It should come as no surprise to anybody who hasn't been living under a rock for the past decade that teenagers' lives now revolve around social media and texting. Instead of interacting face-to-face, most teenagers now conduct most of their socializing using smartphone screens as their intermediaries.
And while studies have shown that the advent of social media has been, overall, detrimental to the mental health of young people, a study conducted by a nonprofit called Common Sense Media has revealed some interesting new details about the social lives of the modern-day American teenager. While their parents have probably long been aware of the myriad ills of their childrens' digital lives, teenagers are also beginning to realize that all of this time spent on Instagram simply isn't healthy. To wit, the study found that today's teens overwhelmingly believe that social media interferes with homework, personal relationships and sleep.
Here's Axios with more:
Today's teens prefer texting over in-person communication, use social media multiple times a day, and admit that digital distractions interfere with homework, personal relationships and sleep, according to a new survey of 13- to 17-year-olds.
Why it matters: Concerns over the negative impact of social media use have increased recently with reports of teen depression, suicide and cyberbullying on the rise. The study by Common Sense Media, a non-profit group focused on tech and media's impact on kids, shows teens have a complicated relationship with technology.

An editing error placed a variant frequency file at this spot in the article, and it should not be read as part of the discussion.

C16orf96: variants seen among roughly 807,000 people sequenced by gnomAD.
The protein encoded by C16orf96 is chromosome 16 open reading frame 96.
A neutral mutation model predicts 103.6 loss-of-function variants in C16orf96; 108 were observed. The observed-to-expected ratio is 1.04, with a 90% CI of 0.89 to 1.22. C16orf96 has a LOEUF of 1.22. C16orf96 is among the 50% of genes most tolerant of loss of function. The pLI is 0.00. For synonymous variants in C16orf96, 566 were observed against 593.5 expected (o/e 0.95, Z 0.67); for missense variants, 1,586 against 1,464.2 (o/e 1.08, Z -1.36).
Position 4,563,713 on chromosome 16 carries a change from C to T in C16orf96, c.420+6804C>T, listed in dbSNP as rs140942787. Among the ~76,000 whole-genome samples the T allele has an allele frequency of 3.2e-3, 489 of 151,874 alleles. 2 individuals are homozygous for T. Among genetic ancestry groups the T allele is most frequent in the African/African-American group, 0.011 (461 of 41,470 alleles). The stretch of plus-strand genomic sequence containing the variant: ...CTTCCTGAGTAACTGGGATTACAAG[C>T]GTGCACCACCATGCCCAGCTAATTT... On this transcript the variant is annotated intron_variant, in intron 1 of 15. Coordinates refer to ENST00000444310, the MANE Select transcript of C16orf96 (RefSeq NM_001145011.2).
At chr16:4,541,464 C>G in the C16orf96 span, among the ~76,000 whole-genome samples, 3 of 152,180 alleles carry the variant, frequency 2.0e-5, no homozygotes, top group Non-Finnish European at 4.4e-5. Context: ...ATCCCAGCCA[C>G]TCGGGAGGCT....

In what was perhaps the study's most surprising finding, roughly 40% of the teens surveyed said they wish they could go back in time to an era before social media.
The impact: Interestingly, despite the increased use of social media, teens are more likely to say that social media has a positive effect on them. For instance, 25% say using social media makes them feel less lonely, compared to 3% who say it makes them feel more lonely.
Yes, but: Still, more than two-thirds of teens agree with the statement, "social media has a negative impact on many people my age."
And 40% agree with the statement, "I sometimes wish I could go back to a time when there was no such thing as social media."
Here's a roundup of some of the study's other key findings, courtesy of Axios:
- 81% of teens use social media, with 70% saying they use it multiple times a day, up from 34% in 2012. And 89% have their own smartphone, more than doubling since 2012.
- 72% of teens believe that tech companies manipulate users to spend more time on devices.
- The proportion of teens who prefer in-person interaction has plummeted from 49% in 2012 to 32% in 2018. Texting is now the favorite mode of communication.
- 13% of teens say they've been cyber-bullied.
- 33% of teens say they wish their parents would spend less time on their devices, up from 21% in 2012.
- In 2012, 68% said their go-to social site was Facebook. That number fell to 15% in 2018, with Snapchat and Instagram the new favorites.
The study also revealed an interesting conundrum: 54% of teens say they agree that social media distracts them during social interactions, and 44% say they get frustrated when their friends whip out their phones while they're hanging out. However, 55% say they rarely put their phones away when hanging out.
The 1990s really were a kinder, simpler time.